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'I wouldn't be surprised if the majority of special Dáil committee are anti-choice' - Smith

Solidarity-PBP says a referendum on abortion should be held before the autumn.

Ruth Coppinger, Brid Smith, Richard Boyd Barrett have called for a referendum on abortion to be held by October.
Ruth Coppinger, Brid Smith, Richard Boyd Barrett have called for a referendum on abortion to be held by October.
Image: Leah Farrell/

BRÍD SMITH OF Solidarity-PBP said she would not be surprised if the majority of politicians sitting on the special Oireachtas committee tasked with debating the Citizen’s Assembly’s final report are “anti-choice”.

The all-party committee of 20 members is to be established shortly and will propose legislative changes by autumn.

The final line-up of the committee is due to be announced this week. It’s understood that both Fine Gael and Fianna Fáil each have five members on the panel, with politicians from both parties having differing views on the issue.

“We realise we have quite the battle on our hands,” said the Dublin South Central TD, who added that there must be no further delay in setting up the committee.

Speaking to reporters this morning, both Ruth Coppinger and Smith said they would be sitting on the committee on a rotational basis.

Coppinger admitted it will be difficult for politicians to find a consensus on the issue.

“I don’t think a consensus is possible with the likes of Mattie McGrath and others – you can’t compromise on women’s health and decision-making,” she said.

McGrath is a Tipperary TD who has said he is opposed to abortion in all circumstances. He called the recent result from the assembly “a huge disappointment”, according to RTÉ.

McGrath told that he believes the committee will not endorse the “extreme legislative agenda” proposed by the Citizens Assembly.

“I think the Assembly has given impetus to the Pro-Life campaign by giving such stark and definite shape to what a future without Constitutional protection for the unborn child and mother would look like,” he said.

Deputy Coppinger may choose to believe that the assembly’s recommendations can form the basis of consensus; I believe that they have highlighted the profoundly unrepresentative and skewed nature of the assembly itself and would not stand a chance of being accepted by the people in a referendum.
In a straight vote between retention of the Eighth Amendment and the introduction of de facto abortion on demand, the Eighth would be reaffirmed by a significant majority.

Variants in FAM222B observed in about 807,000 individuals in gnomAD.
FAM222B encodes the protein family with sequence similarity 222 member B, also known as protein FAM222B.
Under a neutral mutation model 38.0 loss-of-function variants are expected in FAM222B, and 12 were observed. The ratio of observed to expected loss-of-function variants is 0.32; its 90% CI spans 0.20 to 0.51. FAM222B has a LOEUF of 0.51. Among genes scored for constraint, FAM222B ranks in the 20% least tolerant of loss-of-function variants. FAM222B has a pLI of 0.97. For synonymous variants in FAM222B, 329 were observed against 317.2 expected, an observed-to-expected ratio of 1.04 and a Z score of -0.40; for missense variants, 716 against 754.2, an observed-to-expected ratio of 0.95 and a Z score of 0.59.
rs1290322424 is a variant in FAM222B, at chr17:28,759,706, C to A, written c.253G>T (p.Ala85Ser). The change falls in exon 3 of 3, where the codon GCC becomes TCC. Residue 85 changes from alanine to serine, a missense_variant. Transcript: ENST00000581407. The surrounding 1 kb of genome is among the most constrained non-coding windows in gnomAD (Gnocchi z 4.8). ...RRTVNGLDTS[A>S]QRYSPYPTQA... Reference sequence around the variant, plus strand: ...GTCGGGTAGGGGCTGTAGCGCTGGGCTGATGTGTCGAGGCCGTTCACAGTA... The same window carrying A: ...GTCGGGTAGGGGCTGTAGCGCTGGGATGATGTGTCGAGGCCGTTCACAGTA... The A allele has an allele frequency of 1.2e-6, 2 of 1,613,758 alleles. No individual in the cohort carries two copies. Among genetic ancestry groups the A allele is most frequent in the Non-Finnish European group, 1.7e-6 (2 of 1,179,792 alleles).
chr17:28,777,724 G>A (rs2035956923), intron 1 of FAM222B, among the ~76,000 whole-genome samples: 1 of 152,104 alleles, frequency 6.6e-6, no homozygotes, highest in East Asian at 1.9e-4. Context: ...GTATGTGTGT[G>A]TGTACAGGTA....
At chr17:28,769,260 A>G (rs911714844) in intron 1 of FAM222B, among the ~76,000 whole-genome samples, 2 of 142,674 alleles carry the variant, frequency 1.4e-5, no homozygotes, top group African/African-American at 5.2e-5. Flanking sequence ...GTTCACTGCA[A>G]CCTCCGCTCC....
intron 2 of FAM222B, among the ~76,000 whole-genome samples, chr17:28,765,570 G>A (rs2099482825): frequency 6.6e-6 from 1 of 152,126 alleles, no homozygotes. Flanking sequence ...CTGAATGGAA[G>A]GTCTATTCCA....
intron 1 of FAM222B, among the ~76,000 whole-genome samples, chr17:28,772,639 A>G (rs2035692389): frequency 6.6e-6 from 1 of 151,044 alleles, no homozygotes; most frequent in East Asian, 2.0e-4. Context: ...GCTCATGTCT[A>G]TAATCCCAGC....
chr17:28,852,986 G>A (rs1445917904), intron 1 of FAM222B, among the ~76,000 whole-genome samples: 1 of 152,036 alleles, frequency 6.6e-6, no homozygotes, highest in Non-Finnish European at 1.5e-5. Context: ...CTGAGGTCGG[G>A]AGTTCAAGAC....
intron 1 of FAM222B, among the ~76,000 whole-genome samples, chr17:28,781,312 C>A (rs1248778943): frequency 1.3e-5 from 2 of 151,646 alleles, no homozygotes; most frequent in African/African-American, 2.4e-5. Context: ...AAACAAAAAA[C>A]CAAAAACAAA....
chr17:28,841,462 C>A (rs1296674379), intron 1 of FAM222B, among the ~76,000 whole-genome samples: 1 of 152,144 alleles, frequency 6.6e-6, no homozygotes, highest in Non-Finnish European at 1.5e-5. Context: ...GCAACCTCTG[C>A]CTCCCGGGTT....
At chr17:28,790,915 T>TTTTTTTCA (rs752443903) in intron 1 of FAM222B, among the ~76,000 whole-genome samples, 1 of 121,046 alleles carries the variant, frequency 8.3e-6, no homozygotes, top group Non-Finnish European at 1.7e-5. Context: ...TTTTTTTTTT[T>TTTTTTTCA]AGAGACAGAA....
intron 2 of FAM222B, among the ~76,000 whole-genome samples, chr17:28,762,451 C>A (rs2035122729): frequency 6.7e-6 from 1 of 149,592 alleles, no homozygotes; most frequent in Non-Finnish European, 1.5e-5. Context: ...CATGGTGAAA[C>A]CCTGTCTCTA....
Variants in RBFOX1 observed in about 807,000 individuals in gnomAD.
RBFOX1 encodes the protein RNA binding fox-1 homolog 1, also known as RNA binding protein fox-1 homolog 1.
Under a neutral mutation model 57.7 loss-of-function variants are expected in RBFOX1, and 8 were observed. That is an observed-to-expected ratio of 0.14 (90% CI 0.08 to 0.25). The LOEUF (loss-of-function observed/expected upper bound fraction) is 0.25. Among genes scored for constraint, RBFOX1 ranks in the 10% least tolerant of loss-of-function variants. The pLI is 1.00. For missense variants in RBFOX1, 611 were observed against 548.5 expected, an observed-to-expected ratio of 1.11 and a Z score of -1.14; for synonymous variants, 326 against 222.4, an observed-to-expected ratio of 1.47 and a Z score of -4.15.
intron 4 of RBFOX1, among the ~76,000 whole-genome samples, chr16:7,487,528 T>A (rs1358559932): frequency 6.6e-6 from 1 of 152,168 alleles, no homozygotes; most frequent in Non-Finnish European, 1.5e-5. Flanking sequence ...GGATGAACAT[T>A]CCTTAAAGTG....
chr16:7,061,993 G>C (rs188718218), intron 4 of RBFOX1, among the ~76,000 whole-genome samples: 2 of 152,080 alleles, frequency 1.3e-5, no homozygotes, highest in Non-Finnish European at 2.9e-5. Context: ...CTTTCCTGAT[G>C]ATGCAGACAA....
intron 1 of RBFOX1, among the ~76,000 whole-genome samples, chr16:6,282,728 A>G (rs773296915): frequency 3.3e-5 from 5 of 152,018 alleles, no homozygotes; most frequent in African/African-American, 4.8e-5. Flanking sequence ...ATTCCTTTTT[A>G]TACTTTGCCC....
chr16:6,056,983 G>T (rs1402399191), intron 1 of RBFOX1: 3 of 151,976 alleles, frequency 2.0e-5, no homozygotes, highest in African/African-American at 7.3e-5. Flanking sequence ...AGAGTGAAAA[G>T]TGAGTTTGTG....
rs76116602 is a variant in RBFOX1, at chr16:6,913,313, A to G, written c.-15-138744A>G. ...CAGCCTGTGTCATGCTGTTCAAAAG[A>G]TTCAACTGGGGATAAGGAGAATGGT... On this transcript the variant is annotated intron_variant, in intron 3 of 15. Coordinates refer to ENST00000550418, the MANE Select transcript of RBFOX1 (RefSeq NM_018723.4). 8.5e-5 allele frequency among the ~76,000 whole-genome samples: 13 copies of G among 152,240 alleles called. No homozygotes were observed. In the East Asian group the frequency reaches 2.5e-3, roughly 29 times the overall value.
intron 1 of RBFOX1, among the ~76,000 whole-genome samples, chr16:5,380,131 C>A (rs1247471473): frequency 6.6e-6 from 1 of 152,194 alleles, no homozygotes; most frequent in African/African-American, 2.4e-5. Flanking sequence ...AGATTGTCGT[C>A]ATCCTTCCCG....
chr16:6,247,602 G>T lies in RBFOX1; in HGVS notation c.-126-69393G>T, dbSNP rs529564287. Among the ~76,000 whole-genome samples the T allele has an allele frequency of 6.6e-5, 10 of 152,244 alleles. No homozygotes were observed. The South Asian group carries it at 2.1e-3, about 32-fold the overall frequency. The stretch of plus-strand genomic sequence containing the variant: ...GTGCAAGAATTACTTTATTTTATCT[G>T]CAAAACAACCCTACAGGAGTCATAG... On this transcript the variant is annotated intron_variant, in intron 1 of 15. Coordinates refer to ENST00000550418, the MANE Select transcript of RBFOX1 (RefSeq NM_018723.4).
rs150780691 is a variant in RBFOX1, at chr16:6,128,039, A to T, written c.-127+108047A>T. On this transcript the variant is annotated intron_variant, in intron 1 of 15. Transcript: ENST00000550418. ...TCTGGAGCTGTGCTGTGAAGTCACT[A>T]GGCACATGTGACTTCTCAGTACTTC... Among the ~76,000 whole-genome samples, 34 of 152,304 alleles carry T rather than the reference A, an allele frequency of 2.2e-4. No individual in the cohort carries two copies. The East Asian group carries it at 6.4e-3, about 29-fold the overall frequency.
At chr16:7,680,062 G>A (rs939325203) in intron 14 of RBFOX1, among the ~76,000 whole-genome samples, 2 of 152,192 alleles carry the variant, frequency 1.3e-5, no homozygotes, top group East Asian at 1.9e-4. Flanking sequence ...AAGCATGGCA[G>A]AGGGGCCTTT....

The Citizens’ Assembly recommended that the Oireachtas should legislate for abortion and allow abortion without restriction in Ireland.

Voters are expected to be asked whether they support the findings of the Citizen’s Assembly findings in a referendum, and the committee is now being set up to examine how to proceed.

Smith said it is important that elected members fully respect the final report and follow through on it.

“It is important the assembly’s recommendations are not watered down,” said Smith, who stated that the Dáil is “out of kilter” and “light years behind” public opinion on the issue.

“The Oireachtas have no right whatsoever to try and dilute the outcome of the Citizen’s Assembly that they so loudly heralded as the most democratic forum for discussion. They might not like the outcome but tough, they now have to deal with it and act without delay,” she added.

A number of TDs, including some ministers, have called for a referendum to be held next year. However Solidarity-ABP have said a referendum should be held before the autumn.

Coppinger said the timing would be poignant as it would coincide with the fifth anniversary of the death of Savita Halappanavar.

Halappanavar died of blood poisoning, while she was suffering a miscarriage in Galway University Hospital in 2012.

The Dublin West TD agreed that the committee should be able to get on with its work swiftly.

She said there is no need for the committee to hear from “a plethora of experts” stating that that was what the Citizen’s Assembly was tasked with, and their report has been delivered.

The group also said they would be advocating that nothing be placed in the Constitution on “policing women’s bodies or giving rights to the unborn”.

Read: Self-employed would ‘pay more tax if they got extra benefits in return’>

Read: Taoiseach gives first response to Citizen’s Assembly vote, says committee now being set up>

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